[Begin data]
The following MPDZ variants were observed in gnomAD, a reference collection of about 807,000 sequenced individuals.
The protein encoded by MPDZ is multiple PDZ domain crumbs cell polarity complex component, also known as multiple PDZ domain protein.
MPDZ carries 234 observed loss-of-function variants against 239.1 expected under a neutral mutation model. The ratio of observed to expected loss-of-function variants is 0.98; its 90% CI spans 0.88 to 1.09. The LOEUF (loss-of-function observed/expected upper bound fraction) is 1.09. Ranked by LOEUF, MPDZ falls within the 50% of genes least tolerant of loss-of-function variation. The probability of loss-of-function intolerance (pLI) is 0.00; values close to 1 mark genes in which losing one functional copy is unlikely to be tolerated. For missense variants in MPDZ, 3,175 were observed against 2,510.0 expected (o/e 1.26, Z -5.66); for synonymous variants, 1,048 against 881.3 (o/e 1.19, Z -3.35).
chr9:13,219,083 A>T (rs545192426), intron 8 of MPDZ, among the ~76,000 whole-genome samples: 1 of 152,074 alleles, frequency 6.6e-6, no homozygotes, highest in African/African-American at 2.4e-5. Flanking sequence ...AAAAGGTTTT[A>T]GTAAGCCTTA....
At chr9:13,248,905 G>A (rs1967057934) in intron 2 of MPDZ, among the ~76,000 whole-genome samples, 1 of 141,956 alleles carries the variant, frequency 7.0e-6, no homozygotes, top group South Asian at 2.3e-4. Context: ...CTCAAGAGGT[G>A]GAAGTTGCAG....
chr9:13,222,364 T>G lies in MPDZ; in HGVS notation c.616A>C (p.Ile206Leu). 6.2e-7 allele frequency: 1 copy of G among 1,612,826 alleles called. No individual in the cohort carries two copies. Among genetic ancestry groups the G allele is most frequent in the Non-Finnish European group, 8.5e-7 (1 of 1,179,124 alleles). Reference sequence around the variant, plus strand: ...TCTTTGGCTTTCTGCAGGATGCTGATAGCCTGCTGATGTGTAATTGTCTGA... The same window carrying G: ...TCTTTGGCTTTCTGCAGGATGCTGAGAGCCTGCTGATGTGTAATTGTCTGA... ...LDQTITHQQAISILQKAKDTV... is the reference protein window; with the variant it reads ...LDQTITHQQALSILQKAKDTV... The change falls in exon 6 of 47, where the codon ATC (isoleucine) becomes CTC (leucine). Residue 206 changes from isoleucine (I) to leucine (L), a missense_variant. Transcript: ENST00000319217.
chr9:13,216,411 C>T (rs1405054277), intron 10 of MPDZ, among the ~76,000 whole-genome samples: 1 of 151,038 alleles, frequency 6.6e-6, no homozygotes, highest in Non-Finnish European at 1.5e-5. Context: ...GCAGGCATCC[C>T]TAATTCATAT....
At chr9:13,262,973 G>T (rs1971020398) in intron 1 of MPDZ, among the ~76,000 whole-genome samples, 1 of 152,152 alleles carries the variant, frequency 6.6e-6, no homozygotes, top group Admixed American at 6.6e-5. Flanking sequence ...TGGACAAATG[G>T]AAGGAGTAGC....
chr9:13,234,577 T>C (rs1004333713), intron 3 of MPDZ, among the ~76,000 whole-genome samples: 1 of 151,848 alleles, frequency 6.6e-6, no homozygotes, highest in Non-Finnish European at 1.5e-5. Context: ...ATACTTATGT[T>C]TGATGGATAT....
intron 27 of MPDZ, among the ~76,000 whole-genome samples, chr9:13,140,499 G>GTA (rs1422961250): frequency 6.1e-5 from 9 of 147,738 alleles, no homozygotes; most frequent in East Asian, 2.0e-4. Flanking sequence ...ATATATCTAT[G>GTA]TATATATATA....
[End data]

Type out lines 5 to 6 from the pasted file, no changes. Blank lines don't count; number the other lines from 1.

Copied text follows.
At chr9:13,248,905 G>A (rs1967057934) in intron 2 of MPDZ, among the ~76,000 whole-genome samples, 1 of 141,956 alleles carries the variant, frequency 7.0e-6, no homozygotes, top group South Asian at 2.3e-4. Context: ...CTCAAGAGGT[G>A]GAAGTTGCAG....
chr9:13,222,364 T>G lies in MPDZ; in HGVS notation c.616A>C (p.Ile206Leu). 6.2e-7 allele frequency: 1 copy of G among 1,612,826 alleles called. No individual in the cohort carries two copies. Among genetic ancestry groups the G allele is most frequent in the Non-Finnish European group, 8.5e-7 (1 of 1,179,124 alleles). Reference sequence around the variant, plus strand: ...TCTTTGGCTTTCTGCAGGATGCTGATAGCCTGCTGATGTGTAATTGTCTGA... The same window carrying G: ...TCTTTGGCTTTCTGCAGGATGCTGAGAGCCTGCTGATGTGTAATTGTCTGA... ...LDQTITHQQAISILQKAKDTV... is the reference protein window; with the variant it reads ...LDQTITHQQALSILQKAKDTV... The change falls in exon 6 of 47, where the codon ATC (isoleucine) becomes CTC (leucine). Residue 206 changes from isoleucine (I) to leucine (L), a missense_variant. Transcript: ENST00000319217.